Govt’s efforts to win voters may worsen economic problems

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ISLAMABAD, APR 09 (DNA) –  The PML-N government, which is preparing to present its next budget by the end of April, has been asked by the adviser on finance to ensure business as usual aimed at avoiding additional relief and sanctioning new development schemes. In addition to that, Prime Minister Shahid Khaqan Abbasi is said to have been told by some important official and unofficial quarters to drastically cut non-essential and luxury imports to narrow down the burgeoning gap between imports and exports.

Trade deficit of $13 billion has reportedly been estimated during the current financial year due to $55 billion worth of imports and $24 billion worth of exports.

The government has also reportedly been advised, including by some worthy party leaders, to avoid presenting the new budget as it is unlawful and the matter should be left to the interim government. If all that has to be done, they advised, along with some officials of the Ministry of Finance, to desist from extending 10-15% relief to the salaried class, which will alone have an additional Rs500 billion burden on the budget.

But those who are close to Adviser on Finance Miftah Ismail maintain that he has been told by former prime minister Nawaz Sharif to provide relief for the salaried class as it is the political need of the ruling party considering the general elections that are around the corner.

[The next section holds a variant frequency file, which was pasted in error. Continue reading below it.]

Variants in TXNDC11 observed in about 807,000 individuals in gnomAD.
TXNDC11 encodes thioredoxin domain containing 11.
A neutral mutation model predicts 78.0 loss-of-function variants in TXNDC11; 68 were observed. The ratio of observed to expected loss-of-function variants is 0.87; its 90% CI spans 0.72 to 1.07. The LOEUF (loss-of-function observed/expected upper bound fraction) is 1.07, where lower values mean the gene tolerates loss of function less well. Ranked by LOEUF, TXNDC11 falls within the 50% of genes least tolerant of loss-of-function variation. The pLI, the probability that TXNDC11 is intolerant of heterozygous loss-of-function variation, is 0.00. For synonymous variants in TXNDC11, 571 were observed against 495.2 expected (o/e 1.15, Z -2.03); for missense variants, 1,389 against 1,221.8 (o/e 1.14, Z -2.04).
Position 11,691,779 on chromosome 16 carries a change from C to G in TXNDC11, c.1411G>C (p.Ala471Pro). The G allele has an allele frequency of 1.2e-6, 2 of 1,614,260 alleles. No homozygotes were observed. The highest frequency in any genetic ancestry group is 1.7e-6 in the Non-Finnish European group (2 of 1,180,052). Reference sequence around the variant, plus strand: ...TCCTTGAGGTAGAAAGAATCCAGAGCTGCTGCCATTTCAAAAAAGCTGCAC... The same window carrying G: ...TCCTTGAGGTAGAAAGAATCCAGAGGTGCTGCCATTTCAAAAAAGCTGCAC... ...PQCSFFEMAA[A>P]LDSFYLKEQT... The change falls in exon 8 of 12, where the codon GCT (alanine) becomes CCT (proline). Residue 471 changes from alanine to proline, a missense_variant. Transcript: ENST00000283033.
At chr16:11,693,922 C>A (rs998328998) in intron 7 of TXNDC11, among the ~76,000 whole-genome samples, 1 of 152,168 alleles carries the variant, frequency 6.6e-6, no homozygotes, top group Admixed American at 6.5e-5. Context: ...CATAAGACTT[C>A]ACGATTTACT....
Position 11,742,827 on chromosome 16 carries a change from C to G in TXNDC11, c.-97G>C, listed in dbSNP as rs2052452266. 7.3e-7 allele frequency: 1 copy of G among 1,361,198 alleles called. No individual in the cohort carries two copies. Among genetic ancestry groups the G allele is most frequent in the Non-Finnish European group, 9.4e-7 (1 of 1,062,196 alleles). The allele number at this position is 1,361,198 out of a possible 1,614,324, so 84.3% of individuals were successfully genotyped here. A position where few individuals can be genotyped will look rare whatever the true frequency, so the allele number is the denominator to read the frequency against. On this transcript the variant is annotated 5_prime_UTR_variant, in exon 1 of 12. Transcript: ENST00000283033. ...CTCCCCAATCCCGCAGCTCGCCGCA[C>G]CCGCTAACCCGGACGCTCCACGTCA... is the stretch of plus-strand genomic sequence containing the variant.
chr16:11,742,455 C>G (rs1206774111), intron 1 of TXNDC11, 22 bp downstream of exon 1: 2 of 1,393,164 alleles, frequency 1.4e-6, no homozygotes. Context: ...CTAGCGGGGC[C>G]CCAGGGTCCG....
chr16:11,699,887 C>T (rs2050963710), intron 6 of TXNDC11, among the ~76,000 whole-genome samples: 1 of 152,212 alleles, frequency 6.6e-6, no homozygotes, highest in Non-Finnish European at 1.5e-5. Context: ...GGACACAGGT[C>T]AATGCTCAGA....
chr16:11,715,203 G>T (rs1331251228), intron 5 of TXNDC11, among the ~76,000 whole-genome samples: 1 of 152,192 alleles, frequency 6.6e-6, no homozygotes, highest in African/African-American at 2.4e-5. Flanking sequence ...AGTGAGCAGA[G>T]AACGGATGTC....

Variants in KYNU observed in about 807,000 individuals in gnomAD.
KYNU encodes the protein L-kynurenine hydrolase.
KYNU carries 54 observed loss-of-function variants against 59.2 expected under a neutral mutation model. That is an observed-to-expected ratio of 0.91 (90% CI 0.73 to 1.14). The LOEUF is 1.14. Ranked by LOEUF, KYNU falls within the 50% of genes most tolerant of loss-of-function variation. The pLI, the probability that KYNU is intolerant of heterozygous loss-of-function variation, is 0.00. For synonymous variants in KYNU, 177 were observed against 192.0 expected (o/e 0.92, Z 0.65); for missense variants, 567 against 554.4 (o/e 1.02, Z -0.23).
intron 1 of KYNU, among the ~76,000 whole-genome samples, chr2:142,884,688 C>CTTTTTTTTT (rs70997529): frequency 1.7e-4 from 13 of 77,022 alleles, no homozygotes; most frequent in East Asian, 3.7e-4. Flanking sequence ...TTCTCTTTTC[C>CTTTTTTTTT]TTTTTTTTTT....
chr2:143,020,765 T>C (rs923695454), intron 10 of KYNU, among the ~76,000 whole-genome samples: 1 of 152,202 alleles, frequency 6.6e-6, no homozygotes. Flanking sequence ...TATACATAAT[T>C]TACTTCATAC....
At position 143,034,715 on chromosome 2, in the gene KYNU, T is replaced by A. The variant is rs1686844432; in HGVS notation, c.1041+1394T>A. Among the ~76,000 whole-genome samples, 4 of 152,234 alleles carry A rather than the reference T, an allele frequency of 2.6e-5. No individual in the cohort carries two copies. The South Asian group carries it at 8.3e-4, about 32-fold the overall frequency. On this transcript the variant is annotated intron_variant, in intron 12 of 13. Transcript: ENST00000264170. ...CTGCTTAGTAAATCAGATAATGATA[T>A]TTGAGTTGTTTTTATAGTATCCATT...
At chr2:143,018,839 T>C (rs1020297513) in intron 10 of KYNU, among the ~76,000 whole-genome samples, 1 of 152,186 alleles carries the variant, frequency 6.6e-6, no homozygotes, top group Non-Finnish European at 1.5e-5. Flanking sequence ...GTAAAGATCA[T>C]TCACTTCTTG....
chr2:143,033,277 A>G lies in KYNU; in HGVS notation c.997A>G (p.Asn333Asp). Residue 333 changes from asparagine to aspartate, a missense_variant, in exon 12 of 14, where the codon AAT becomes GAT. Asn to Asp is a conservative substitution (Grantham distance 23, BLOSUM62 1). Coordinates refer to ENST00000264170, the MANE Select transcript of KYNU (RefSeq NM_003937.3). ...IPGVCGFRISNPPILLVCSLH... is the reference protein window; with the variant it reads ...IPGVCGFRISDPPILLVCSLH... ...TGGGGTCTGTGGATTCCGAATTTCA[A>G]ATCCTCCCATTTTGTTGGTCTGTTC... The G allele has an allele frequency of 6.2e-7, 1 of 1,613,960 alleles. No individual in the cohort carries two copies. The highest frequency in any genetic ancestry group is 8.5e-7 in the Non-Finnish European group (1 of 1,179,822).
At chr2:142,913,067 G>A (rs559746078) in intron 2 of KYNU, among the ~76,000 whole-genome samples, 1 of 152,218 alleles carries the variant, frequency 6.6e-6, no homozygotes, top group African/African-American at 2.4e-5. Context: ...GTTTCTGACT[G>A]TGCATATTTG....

The adviser, it is said, felt helpless to carve and implement his planned budget and has been forced to follow dictates of the party’s leadership.

It is generally believed that the budget announcement should have been left to the interim setup which can plan three-month tentative budget estimates to be followed by the new government to go for an eight-month budget to avoid legal and financial difficulties.

The presentation of the budget much before time has been termed violation of the 1973 Constitution.

However, cutting non-essential and luxury imports including automobiles, electronics goods, mobile phones and all kinds of foodstuff will be a Herculean task. The government needs to cut $8-9 billion of such imports to manage its current account deficit, which is feared to reach $16 billion by June 30 this year.

To fulfil that objective, the government needs to introduce quotas on imports that is allowed by the General Agreement on Trade and Tariffs (GATT). It can save close to $3 billion on account of automobile imports alone by introducing quotas.

“Pakistan today is facing deep and protracted financial crisis and unless major decisions are taken I am afraid we are in for a big trouble,” said renowned economist Dr Hafiz Pasha.

He called for drastically cutting unnecessary imports and increasing exports to improve the current account deficit, which is going out of control.

“It saddens me a lot to see that no efforts are being made to manage our precarious financial affairs that are turning serious, especially because of unceasing external loans,” said the former finance minister, advising authorities to take notice of the situation before it is too late.

The government’s external borrowing has crossed $35 billion in the last five years, which also included $7 billion from commercial banks. The maturity of $3-4 billion of the $7 billion will come soon and how the government would return this loan with mark-up is another difficult question to answer.

Plans have reportedly been finalised to go for more commercial borrowing to pay off previous 80% of such foreign debt that had been secured through short-term borrowing.

The maturity of $1 billion bond payment is ready and the government cannot make this payment without borrowing more. In fact, new loans have to be negotiated to pay off old loans. All this is happening because of living beyond means.